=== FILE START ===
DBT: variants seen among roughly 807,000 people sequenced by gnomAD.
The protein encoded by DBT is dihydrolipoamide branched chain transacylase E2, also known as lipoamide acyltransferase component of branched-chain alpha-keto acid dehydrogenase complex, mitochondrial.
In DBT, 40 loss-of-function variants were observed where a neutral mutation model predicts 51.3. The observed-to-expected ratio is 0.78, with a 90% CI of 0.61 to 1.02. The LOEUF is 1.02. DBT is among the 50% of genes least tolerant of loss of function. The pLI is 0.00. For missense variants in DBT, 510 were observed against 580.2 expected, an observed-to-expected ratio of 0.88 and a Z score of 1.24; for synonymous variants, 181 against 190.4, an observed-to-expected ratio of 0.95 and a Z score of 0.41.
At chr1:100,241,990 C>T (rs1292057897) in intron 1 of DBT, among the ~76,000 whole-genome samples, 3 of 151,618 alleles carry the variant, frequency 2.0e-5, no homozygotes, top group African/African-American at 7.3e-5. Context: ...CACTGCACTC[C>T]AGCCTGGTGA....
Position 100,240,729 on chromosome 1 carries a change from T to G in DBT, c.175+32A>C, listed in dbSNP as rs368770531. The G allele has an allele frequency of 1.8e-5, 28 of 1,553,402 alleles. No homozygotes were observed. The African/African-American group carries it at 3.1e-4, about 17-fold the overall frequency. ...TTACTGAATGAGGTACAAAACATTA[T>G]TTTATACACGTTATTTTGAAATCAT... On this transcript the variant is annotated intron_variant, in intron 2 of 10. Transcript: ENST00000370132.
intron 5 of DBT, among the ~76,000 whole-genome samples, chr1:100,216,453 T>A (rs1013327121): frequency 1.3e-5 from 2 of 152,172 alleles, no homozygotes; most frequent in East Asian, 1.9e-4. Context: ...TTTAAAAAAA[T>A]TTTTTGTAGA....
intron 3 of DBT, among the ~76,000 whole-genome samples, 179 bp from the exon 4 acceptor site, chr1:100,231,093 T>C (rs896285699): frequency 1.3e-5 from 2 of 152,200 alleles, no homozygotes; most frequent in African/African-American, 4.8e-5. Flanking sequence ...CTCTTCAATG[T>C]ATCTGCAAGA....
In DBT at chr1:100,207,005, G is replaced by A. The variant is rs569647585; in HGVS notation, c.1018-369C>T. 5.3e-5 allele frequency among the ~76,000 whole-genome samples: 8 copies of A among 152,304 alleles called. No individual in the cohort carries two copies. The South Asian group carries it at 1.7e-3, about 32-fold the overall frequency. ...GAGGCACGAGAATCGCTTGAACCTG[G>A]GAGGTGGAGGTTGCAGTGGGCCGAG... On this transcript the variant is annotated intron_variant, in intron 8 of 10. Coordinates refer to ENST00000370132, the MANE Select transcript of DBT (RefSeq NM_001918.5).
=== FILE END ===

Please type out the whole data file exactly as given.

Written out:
DBT: variants seen among roughly 807,000 people sequenced by gnomAD.
The protein encoded by DBT is dihydrolipoamide branched chain transacylase E2, also known as lipoamide acyltransferase component of branched-chain alpha-keto acid dehydrogenase complex, mitochondrial.
In DBT, 40 loss-of-function variants were observed where a neutral mutation model predicts 51.3. The observed-to-expected ratio is 0.78, with a 90% CI of 0.61 to 1.02. The LOEUF is 1.02. DBT is among the 50% of genes least tolerant of loss of function. The pLI is 0.00. For missense variants in DBT, 510 were observed against 580.2 expected, an observed-to-expected ratio of 0.88 and a Z score of 1.24; for synonymous variants, 181 against 190.4, an observed-to-expected ratio of 0.95 and a Z score of 0.41.
At chr1:100,241,990 C>T (rs1292057897) in intron 1 of DBT, among the ~76,000 whole-genome samples, 3 of 151,618 alleles carry the variant, frequency 2.0e-5, no homozygotes, top group African/African-American at 7.3e-5. Context: ...CACTGCACTC[C>T]AGCCTGGTGA....
Position 100,240,729 on chromosome 1 carries a change from T to G in DBT, c.175+32A>C, listed in dbSNP as rs368770531. The G allele has an allele frequency of 1.8e-5, 28 of 1,553,402 alleles. No homozygotes were observed. The African/African-American group carries it at 3.1e-4, about 17-fold the overall frequency. ...TTACTGAATGAGGTACAAAACATTA[T>G]TTTATACACGTTATTTTGAAATCAT... On this transcript the variant is annotated intron_variant, in intron 2 of 10. Transcript: ENST00000370132.
intron 5 of DBT, among the ~76,000 whole-genome samples, chr1:100,216,453 T>A (rs1013327121): frequency 1.3e-5 from 2 of 152,172 alleles, no homozygotes; most frequent in East Asian, 1.9e-4. Context: ...TTTAAAAAAA[T>A]TTTTTGTAGA....
intron 3 of DBT, among the ~76,000 whole-genome samples, 179 bp from the exon 4 acceptor site, chr1:100,231,093 T>C (rs896285699): frequency 1.3e-5 from 2 of 152,200 alleles, no homozygotes; most frequent in African/African-American, 4.8e-5. Flanking sequence ...CTCTTCAATG[T>C]ATCTGCAAGA....
In DBT at chr1:100,207,005, G is replaced by A. The variant is rs569647585; in HGVS notation, c.1018-369C>T. 5.3e-5 allele frequency among the ~76,000 whole-genome samples: 8 copies of A among 152,304 alleles called. No individual in the cohort carries two copies. The South Asian group carries it at 1.7e-3, about 32-fold the overall frequency. ...GAGGCACGAGAATCGCTTGAACCTG[G>A]GAGGTGGAGGTTGCAGTGGGCCGAG... On this transcript the variant is annotated intron_variant, in intron 8 of 10. Coordinates refer to ENST00000370132, the MANE Select transcript of DBT (RefSeq NM_001918.5).